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Lookup NU author(s): Professor John Murray,
Emerita Professor Anne Maguire
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This study involved 354 boys aged 5-6 years and 862 boys aged 12-14 years, attending 40 schools in Riyadh. All children were examined at school by a single dental examiner, using criteria similar to those employed in the survey of children's dental health in the United Kingdom. The prevalence of dental trauma in 354 Saudi boys aged 5-6 years was 33%. The most common type of dental trauma was fracture of enamel (71%) followed by loss of tooth due to trauma (13%), fracture into enamel and dentine (7%), discolouration (5%), pulp involvement (4%). No relationship between the degree of overjet and the occurrence of dental trauma in the primary dentition was observed. The prevalence of dental trauma in 862 12-14-year-old boys was 34%. The commonest dental trauma was fracture of enamel (74%) followed by fracture into enamel and dentine (15%), fracture into enamel-dentine and pulp (5%), loss of tooth due to trauma (3%), and discolouration (0.4%). A significant relationship (P=0.02) between the increased overjet (≥ 6 mm) and the occurrence of dental trauma in the permanent dentition was reported. The present study found no evidence of dental care provided for traumatised primary incisors in 5-6-year-old boys. The treatment of dental trauma in 12-14-year-old boys was negligible (2.4%). The present Saudi Arabian study showed higher prevalence of dental trauma in 5-6- and 12-14-year-old boys than the reported results of the United Kingdom Children's Dental Health Survey of the same age groups.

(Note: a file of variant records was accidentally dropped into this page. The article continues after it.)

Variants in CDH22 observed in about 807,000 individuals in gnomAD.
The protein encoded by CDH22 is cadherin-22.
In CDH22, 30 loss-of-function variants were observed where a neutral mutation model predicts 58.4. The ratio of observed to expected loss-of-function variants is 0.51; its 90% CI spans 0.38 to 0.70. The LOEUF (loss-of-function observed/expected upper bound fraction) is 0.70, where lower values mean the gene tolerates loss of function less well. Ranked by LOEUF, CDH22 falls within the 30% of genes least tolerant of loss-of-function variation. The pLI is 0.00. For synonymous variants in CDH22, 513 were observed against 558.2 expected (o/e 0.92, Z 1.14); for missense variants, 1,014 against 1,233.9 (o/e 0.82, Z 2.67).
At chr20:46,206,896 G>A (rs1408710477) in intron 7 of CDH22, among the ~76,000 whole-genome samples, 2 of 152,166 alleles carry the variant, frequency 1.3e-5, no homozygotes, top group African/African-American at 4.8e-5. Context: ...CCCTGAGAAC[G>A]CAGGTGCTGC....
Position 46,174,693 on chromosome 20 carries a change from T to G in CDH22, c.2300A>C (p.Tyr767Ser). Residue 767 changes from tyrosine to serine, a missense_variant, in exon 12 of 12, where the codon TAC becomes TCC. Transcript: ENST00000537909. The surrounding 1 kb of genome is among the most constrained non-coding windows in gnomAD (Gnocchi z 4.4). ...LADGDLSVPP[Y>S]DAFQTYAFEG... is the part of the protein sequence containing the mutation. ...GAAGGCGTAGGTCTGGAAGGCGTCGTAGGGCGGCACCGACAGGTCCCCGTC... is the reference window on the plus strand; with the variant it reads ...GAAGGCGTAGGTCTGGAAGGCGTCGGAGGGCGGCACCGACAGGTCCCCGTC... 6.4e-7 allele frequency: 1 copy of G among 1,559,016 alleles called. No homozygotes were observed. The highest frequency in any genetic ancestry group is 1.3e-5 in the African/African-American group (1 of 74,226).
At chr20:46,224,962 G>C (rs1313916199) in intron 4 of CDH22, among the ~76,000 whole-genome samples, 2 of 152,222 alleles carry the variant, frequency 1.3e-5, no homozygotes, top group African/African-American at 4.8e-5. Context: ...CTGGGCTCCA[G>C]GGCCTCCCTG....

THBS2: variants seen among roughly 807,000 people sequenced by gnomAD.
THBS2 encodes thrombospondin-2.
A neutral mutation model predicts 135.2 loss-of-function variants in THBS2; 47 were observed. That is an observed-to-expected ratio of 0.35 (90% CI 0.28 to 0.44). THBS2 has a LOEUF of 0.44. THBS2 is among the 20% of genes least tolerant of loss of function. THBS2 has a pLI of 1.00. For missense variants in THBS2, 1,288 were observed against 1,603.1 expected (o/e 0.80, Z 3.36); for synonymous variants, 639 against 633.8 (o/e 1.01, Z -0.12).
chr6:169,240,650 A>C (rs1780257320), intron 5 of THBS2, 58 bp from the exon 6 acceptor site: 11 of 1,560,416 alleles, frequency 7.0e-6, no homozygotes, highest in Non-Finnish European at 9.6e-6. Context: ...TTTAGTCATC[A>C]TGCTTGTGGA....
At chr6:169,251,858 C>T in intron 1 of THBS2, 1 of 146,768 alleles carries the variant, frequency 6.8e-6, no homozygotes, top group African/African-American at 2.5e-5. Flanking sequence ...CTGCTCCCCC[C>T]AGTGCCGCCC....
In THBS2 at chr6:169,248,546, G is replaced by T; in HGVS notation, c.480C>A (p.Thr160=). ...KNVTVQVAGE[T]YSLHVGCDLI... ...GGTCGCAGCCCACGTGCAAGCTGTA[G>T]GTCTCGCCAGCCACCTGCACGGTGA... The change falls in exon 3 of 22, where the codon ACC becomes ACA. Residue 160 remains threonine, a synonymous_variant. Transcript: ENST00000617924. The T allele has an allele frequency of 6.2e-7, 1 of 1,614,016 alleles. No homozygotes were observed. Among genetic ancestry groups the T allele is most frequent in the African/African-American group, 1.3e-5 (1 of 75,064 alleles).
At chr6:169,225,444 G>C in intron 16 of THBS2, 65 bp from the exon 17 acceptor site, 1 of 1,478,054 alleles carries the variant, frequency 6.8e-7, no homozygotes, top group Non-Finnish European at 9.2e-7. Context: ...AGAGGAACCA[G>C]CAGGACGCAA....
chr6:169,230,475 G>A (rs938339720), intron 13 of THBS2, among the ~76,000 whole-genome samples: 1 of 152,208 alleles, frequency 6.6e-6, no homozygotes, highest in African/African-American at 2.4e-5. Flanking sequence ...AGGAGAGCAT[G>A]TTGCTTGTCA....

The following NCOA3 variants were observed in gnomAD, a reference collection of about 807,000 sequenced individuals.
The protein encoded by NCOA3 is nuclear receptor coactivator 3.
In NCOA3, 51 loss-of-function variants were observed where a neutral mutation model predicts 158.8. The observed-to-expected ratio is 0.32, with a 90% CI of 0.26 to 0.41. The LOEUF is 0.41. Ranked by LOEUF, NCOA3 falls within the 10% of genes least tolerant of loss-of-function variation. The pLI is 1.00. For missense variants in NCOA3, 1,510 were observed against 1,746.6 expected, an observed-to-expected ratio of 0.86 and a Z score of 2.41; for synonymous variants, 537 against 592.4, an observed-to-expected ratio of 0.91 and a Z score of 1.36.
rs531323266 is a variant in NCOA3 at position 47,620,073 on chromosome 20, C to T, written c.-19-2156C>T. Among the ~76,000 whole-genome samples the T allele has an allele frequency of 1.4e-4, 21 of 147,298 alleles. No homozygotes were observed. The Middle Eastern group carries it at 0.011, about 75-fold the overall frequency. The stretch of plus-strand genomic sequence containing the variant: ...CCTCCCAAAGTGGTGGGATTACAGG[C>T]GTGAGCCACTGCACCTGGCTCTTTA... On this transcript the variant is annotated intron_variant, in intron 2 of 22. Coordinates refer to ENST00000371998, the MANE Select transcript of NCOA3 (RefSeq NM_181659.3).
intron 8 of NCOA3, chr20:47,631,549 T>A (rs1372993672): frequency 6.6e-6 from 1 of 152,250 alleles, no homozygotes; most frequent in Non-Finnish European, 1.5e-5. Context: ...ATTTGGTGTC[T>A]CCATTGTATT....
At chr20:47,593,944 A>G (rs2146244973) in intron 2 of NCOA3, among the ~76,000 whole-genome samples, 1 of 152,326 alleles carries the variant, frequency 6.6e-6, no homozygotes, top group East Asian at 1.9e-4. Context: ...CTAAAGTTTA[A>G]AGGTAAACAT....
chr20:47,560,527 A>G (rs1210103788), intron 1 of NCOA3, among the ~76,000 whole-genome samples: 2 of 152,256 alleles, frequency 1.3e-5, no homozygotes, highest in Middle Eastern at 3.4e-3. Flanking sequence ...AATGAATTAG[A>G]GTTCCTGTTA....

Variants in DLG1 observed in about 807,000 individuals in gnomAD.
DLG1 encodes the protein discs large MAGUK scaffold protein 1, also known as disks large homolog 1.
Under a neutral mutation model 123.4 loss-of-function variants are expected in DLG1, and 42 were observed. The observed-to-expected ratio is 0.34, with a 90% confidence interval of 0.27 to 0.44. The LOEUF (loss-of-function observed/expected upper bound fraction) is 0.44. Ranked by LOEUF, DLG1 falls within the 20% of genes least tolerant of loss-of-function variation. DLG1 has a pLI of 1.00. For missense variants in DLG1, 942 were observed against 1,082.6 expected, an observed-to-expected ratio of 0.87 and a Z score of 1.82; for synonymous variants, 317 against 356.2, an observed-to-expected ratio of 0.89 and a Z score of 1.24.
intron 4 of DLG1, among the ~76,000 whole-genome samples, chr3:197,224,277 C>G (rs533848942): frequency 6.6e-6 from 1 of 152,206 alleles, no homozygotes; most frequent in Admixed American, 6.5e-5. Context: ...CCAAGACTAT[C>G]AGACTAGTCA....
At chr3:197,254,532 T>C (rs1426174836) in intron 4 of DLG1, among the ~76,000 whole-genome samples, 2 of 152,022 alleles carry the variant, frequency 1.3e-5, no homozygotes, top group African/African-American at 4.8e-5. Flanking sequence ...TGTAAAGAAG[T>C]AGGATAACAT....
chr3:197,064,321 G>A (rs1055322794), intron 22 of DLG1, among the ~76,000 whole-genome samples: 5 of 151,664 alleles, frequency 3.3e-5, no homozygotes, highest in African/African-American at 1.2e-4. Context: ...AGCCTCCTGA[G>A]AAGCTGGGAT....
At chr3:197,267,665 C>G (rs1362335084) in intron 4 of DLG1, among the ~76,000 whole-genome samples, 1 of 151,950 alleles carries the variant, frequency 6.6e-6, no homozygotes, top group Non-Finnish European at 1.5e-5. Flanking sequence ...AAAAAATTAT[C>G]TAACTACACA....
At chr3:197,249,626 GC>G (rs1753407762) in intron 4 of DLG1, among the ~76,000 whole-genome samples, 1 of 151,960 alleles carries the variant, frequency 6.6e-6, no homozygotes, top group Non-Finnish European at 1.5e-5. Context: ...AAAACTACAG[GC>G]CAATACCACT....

Author(s): Al-Majed I, Murray JJ, Maguire A
Publication type: Article
Publication status: Published
Journal: Dental Traumatology
ISSN (print): 1600-4469
ISSN (electronic): 1600-9657
Publisher: Wiley-Blackwell Publishing Ltd.
PubMed id: 11585140
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